Because I am an American, and my whole problem lies in American society; that is, in thinking it out, in understanding where that country has gone all wrong, and perhaps eventually being able to contribute something on the way to right it. About 90% of USA needs to be rescued from vulgarity, and it is the responsibility of them—us—all. Doubtless the most critical time in history.
He sounds young for his age (he was twenty-five) and rather priggish in his moralism, but these qualities served him well as a writer who would remain productively surprised and offended by ordinary American life.
In April 1948, he flew from Panama to Costa Rica, just in time to catch the last few days of the Costa Rican civil war, in which he volunteered on the side of the rebels under José Figueres. He lost his rifle, and helped build an airstrip for an incoming arms shipment from Guatemala. In Costa Rica and its “splendid people” he found an ideal counterweight to the vulgar and industrialized United States. “The country here is high and cool, and this city [San José] a model of order and organization.” In another unanswered letter to Katherine Anne Porter, he explained why Costa Rica so appealed to him:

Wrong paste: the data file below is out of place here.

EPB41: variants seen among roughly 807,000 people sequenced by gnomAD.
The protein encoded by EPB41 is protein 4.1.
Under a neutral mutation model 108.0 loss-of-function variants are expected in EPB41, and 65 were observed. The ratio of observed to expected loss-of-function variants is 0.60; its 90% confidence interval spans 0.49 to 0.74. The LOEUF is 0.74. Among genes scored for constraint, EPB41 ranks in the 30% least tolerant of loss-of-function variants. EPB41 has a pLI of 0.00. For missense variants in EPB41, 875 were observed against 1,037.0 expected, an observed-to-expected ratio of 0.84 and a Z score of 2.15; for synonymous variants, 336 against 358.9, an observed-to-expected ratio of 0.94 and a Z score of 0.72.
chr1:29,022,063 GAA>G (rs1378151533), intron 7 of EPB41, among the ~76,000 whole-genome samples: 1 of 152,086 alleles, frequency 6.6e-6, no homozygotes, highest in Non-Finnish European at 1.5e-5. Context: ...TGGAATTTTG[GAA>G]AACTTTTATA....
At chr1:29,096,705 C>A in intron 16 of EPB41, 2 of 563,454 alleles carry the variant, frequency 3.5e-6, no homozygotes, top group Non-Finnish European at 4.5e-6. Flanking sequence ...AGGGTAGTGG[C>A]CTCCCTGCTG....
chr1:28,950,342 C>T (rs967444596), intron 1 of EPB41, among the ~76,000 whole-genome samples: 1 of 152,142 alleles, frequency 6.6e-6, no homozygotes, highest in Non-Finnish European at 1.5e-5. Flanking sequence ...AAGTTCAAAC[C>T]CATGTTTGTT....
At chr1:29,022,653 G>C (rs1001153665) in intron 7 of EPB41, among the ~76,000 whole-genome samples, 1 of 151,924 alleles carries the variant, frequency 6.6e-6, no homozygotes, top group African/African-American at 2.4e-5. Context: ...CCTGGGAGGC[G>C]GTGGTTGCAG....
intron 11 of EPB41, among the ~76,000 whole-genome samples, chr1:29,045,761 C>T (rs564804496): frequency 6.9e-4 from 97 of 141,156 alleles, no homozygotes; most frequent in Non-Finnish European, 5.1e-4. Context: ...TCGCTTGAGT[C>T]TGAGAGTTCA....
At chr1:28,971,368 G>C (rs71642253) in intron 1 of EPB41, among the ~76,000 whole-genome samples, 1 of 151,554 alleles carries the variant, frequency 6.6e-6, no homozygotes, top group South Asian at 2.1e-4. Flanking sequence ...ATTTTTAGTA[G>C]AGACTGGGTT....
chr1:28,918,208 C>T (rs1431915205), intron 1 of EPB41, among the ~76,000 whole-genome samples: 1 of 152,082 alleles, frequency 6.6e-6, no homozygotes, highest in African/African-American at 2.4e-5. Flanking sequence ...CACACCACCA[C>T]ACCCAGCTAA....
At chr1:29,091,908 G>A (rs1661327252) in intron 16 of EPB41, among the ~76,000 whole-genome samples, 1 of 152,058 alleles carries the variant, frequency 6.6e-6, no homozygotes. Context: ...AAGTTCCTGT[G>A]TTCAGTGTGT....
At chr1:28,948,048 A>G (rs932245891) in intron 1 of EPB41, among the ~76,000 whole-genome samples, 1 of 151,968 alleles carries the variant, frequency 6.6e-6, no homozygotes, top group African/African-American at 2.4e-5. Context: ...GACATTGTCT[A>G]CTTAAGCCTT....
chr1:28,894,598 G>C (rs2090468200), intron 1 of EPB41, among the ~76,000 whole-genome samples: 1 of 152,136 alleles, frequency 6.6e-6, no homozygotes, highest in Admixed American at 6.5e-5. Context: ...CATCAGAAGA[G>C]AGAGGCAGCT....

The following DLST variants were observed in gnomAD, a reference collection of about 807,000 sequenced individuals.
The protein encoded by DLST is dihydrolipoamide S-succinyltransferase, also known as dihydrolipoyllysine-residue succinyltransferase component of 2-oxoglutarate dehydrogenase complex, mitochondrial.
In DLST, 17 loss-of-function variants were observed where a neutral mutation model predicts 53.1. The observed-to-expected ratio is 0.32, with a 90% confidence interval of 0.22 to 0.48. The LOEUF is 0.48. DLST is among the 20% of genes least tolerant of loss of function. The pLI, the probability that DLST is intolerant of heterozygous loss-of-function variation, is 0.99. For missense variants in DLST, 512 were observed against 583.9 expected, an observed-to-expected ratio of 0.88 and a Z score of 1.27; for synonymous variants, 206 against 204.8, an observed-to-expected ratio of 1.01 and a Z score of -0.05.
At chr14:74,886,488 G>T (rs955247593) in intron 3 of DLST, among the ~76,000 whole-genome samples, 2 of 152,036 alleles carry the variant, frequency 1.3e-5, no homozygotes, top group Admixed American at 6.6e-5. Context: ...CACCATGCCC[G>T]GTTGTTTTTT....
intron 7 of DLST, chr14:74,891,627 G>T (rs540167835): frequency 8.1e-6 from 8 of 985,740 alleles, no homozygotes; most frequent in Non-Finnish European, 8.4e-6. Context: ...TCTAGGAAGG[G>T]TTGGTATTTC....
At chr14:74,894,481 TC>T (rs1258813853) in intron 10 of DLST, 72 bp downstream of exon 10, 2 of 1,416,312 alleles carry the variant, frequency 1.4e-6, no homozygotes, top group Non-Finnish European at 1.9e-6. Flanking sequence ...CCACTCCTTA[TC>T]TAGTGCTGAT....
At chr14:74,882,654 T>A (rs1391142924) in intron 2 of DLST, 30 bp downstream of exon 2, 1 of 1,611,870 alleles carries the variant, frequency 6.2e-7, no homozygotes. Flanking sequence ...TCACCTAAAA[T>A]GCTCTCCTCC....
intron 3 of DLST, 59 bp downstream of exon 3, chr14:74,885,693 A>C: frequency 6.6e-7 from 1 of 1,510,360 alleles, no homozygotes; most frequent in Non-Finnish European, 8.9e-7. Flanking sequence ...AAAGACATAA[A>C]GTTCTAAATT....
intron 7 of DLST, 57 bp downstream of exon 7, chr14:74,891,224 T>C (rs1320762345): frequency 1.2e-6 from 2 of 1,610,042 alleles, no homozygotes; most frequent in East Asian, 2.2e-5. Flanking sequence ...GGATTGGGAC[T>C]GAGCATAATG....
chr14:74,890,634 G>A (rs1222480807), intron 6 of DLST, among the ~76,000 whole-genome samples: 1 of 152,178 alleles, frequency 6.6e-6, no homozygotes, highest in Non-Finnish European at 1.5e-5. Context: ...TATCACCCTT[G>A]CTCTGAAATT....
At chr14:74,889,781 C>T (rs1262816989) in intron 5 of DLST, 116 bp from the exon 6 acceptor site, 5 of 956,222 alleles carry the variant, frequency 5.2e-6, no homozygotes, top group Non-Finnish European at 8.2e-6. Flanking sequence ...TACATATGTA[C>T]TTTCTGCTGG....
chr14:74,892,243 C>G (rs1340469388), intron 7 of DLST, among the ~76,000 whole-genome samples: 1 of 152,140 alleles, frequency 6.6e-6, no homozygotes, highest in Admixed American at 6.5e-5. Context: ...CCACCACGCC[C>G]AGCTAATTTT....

The disinterestedness of all the people, the almost entire absence of grasping, of self-promotion…. Because CostaRica is still traditional—and largely I suppose due to the hold of the Church—and the family is still family, and it is splendid and interesting to see the hospitality that such a traditional society can afford, as to one rootless, which our (eastern) society cannot because it is rootless itself.